Five Test::More features you might not be using yet

I've been using Test::More for so long that I sometimes forget about new features that have been added in the last couple years. If you're like me and would like a refresher, here's a list of five useful features that you might want to start using. Unless otherwise noted, you will need at least version 0.88 of Test::More.

1. done_testing instead of no_plan

If you don't know how many tests you are going to run (or don't want to keep count yourself), you used to have to specify 'no_plan' at the start of your tests. That can lead to surprises if your tests exit prematurely. Instead, put the done_testing function at the end of your tests. This ensures that all tests actually run.

use strict; use warnings;
use Test::More 0.88;

ok(1, "first test");
ok(1, "second test");

done_testing;

2. new_ok for object creation

You used to have to create an object and then call isa_ok on it. Now those two can be combined with new_ok. It will also let you pass arguments in an arrayref to be used in the call to new.

use strict; use warnings;
use Test::More 0.88;

require Foo;
my $obj = new_ok("Foo");
# ... use $obj in testing ...

done_testing();

Changed "require_ok" to "require" per Ovid's comment, below.

3. Add diagnostics only in verbose testing

The old diag function always prints to stderr. Particularly for debugging notes, that can clutter up the output when run under a harness. You can now use the note() function to add diagnostics that are only seen in verbose output.

use strict; use warnings;
use Test::More 0.88;

note("Testing on perl $]");
ok(1, "first test");

done_testing();

4. Explain data structures in diagnostics

I often find myself wanting to dump a data structure in diagnostics, and wind up loading Data::Dumper to do that. Now Test::More can do that for you with the explain() function. The output is a string that you can pass to diag or note.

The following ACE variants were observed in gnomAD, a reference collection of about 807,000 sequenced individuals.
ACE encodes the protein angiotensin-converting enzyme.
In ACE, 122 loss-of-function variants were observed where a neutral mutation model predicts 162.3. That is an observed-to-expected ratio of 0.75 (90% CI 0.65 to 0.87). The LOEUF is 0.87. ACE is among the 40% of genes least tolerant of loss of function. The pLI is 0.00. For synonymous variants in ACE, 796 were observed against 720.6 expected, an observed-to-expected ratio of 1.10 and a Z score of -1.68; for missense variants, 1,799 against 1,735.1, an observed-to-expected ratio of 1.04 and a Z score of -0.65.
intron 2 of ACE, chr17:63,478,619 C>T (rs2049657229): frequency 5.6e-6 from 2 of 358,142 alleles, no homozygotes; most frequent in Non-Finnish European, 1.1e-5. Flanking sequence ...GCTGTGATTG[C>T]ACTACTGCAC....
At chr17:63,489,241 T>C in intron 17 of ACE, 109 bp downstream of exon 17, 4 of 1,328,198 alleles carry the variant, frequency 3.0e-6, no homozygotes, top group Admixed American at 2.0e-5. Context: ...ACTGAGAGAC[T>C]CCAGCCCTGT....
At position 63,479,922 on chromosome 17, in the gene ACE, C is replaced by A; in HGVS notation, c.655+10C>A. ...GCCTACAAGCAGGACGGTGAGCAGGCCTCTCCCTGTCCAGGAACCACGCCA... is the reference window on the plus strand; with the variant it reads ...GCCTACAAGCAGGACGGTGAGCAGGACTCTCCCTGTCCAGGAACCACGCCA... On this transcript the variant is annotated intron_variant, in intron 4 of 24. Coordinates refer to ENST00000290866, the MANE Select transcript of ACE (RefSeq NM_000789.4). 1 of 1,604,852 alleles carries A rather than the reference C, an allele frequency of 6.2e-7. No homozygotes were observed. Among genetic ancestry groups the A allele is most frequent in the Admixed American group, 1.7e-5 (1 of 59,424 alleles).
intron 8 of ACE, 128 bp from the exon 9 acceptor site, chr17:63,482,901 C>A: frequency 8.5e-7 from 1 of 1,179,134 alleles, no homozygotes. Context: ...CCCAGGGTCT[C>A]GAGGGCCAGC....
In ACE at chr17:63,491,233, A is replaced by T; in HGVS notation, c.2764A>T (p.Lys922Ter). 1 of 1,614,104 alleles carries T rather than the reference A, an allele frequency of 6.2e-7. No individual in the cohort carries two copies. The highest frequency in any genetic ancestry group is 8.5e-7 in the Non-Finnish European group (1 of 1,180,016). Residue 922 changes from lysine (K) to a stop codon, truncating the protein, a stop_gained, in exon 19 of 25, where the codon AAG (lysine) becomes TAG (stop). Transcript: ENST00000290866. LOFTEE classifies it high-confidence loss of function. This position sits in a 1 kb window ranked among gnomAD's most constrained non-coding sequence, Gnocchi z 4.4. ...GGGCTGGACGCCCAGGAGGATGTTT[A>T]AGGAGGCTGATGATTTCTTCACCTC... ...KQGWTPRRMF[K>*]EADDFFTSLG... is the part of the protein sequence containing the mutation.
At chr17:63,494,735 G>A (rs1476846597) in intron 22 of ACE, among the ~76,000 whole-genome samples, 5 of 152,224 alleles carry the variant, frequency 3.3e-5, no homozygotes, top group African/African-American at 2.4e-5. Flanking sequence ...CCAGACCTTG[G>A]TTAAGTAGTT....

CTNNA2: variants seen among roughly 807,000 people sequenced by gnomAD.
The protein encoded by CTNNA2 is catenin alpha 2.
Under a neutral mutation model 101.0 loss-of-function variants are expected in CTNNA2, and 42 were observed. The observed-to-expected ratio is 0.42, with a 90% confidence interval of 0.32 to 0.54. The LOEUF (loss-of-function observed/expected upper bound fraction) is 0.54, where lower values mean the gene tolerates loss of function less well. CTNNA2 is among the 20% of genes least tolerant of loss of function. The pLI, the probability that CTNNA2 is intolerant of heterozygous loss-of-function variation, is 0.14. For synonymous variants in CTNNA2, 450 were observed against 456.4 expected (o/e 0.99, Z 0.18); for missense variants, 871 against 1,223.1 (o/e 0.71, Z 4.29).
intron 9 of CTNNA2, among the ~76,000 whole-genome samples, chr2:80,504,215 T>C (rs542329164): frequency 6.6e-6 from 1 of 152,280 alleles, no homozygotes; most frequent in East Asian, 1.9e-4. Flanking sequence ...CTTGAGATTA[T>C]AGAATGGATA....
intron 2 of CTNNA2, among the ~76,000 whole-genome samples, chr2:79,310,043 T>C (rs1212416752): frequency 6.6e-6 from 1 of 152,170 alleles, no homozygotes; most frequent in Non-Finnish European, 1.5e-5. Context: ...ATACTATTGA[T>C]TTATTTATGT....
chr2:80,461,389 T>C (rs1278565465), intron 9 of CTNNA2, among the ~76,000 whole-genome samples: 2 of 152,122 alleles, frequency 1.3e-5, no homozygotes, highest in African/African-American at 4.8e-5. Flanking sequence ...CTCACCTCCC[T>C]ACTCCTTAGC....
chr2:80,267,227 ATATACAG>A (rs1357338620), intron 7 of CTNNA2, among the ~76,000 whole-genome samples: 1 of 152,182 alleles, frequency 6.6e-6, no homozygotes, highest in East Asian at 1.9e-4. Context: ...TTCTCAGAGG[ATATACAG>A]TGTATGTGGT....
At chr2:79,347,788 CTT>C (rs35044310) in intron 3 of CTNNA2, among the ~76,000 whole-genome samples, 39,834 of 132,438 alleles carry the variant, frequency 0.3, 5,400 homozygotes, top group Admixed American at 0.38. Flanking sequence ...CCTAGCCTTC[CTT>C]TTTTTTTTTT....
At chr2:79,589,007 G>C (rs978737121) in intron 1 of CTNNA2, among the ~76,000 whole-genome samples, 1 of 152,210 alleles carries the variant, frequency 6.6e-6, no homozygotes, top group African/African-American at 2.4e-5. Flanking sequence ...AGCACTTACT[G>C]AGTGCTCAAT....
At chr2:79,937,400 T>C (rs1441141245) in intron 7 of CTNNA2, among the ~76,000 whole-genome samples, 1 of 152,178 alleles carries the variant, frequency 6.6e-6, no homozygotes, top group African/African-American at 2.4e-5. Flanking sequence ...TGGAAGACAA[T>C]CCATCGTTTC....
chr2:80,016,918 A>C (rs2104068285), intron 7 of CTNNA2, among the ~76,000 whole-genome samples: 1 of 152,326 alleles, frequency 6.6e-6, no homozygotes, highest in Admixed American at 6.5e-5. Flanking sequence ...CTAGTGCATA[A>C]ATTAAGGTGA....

use strict; use warnings;
use Test::More 0.88;

my $want = { pi => 3.14, e => 2.72, i => -1 };
my $have = get_data();

is_deeply($have, $want) or diag explain $have;

done_testing();

5. Encapsulate related tests in a subtest (0.96)

use strict; use warnings;
use Test::More 0.96;

pass("First test");

subtest 'An example subtest' => sub {
  pass("This is a subtest");
  pass("So is this");
};

pass("Third test");

done_testing();

Subtests can have their own plan, but if they don't have one, Test::More acts like there was an implicit done_testing at the end of the code reference. That means you don't have to keep count of tests in a subtest and things still work safely.

You can use a 'skip_all' plan in a subtest, too, which is a useful way of constructing a SKIP block without having to count how many tests are being skipped the way you would with the skip() function.

use strict; use warnings;
use Test::More 0.96;

pass("First test");

subtest 'Like a SKIP block' => sub {
  plan 'skip_all' unless $required_condition;
  pass("This is a subtest");
  # ... many more tests that you don't have to count ...
};

pass("Third test");

done_testing();
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11 Comments

  1. Posted February 8, 2011 at 12:13 am | Permalink

    Never knew about subtest.